Katie Brind’Amour is a freelance health and wellness writer. She has graciously agreed to share some of her knowledge with us in this guest blog in the hope of catching us before the holiday season has blown our chances for maintaining or losing weight and thus catapulting us into some very scary realities. At this point there’s still hope:
Is There Ever Good News about Health for Post-Menopausal Women?
Hmm…I believe so, but it is much less common than we would like. What is the latest blow for ladies who have survived the change of life? Diabetes is as important to your chances of death from heart problems as cardiovascular disease. Yikes.
It's worth the fight!
In this study, over 9,200 women aged 68 and over participated to help researchers discover whether diabetes is as dangerous to health in older women as it is in the general population. Guess what? It is. The trend noticed in men and the general population applies to women, as well: women with diabetes have the same risk of death due to cardiovascular problems as do non-diabetic women with a history of cardiovascular disease.
In non-epidemiologist terms, what does this mean? It means that if you have diabetes, your ticker is in just as crummy a situation as it is if you’re non-diabetic but you’ve already been told you have cardiovascular disease—and that is pretty bad.
Although women rock, we are no exception to the fact that cardiovascular disease is the number one killer of elderly individuals. Even without diagnosed cardiovascular disease, however, diabetic women are just as likely to die of cardiovascular events (like a stroke or a heart attack).
Type 2 diabetes is also much more likely to occur in older adults. Diabetes, in turn, increases people’s risk of developing cardiovascular disease. Double whammy.
Aren’t You Going to Tell Us Something Positive?
Yes. The good news is that many of the risk factors for cardiovascular deaths are largely avoidable. Women can reduce their chances of getting cardiovascular disease and Type 2 diabetes with basic lifestyle changes. What does this mean for you? It means it’s time to get off the couch (or away from the computer!) and onto the court, pavement, or bike path.
Although increasing age may give you the authority to step out of the house in mismatched patterns or an outfit entirely made of purple feathers (what good is old age without a bit of eccentricity?), it does not give you the go-ahead to stop taking care of your health. What is an aging woman to do?
Stop Diabetes and Heart Disease in Their Tracks
At the risk of sounding like an overzealous personal trainer, I will just say, “Get moving, thunder thighs!”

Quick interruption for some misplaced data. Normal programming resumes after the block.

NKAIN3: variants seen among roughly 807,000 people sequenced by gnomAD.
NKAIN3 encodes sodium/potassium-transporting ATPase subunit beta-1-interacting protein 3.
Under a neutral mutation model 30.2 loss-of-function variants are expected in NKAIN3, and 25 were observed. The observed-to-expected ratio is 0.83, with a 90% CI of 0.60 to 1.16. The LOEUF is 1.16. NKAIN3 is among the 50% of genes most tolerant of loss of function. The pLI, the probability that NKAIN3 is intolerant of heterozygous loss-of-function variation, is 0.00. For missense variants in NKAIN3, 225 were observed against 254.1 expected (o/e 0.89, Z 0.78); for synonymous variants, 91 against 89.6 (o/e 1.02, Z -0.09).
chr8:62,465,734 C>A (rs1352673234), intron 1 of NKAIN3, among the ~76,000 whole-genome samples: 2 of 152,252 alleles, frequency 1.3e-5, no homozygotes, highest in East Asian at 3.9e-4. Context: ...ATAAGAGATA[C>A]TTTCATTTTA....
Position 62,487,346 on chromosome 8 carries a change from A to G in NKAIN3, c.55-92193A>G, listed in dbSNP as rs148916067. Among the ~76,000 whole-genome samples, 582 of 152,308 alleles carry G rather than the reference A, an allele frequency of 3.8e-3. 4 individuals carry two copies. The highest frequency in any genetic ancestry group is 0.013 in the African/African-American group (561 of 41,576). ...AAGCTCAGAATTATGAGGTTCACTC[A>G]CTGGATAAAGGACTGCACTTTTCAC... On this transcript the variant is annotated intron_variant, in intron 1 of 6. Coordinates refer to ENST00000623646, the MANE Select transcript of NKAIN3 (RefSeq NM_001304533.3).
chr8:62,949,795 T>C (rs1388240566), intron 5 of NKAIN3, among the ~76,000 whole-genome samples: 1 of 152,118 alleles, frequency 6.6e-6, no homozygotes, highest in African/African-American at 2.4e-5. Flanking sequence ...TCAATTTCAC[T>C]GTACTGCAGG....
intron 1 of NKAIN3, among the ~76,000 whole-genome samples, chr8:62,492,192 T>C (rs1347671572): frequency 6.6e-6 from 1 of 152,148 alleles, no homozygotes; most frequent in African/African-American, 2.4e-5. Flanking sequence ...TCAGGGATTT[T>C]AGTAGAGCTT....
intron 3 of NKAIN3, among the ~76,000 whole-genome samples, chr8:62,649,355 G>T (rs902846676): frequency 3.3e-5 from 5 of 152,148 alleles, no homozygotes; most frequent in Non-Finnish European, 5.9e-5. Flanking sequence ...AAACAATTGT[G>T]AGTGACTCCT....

The single best thing you can do for your health (and for reducing your risk of diabetes and cardiovascular disease) is to get some exercise. I recommend about 30 minutes of moderate physical activity—like brisk walking, swimming, cross-country skiing, or biking—every single day. If that is simply not possible, aim for this amount of physical activity about five days each week.
If you have physical limitations, like aching joints or COPD, ask a physician about safe and gentle forms of exercise. Water aerobics, stationary biking, and ballroom dancing may be excellent options for women who are unaccustomed to physical activity. Who doesn’t love a post-menopausal hottie who can do the Foxtrot? Begin gradually, and work your way up to a more intense routine over several weeks.
Secondly, remind yourself that a healthy, balanced diet is essential to reducing your risk for both of these conditions. Aim to fill half of your plate at each meal with fresh vegetables or fruit. The other half should be split between lean protein (like chicken or fish) and a complex carbohydrate (like a sweet potato, brown rice, or whole grain pasta). Opt for water instead of soda, and keep portions under control. Pretend like you’re already diabetic and follow a diabetic diet and lifestyle to reduce your risk.
Overall, a large waist is a major factor in your chances of developing heart disease or diabetes (or both). After menopause, most women need fewer calories per day to maintain their weight. Keeping your physical activity levels up and your diet in check can help you avoid women’s most deadly post-menopausal foes: diabetes and cardiovascular disease. You can do it!
Katie Brind’Amour is a Certified Health Education Specialist and freelance health and wellness writer. She enjoys blogging about friendship and life in the not-so-fast line while she chips away at her PhD in Health Services Management and Policy. She is also certified in Mental Health First Aid and enjoys helping others achieve the full potential of their life and health.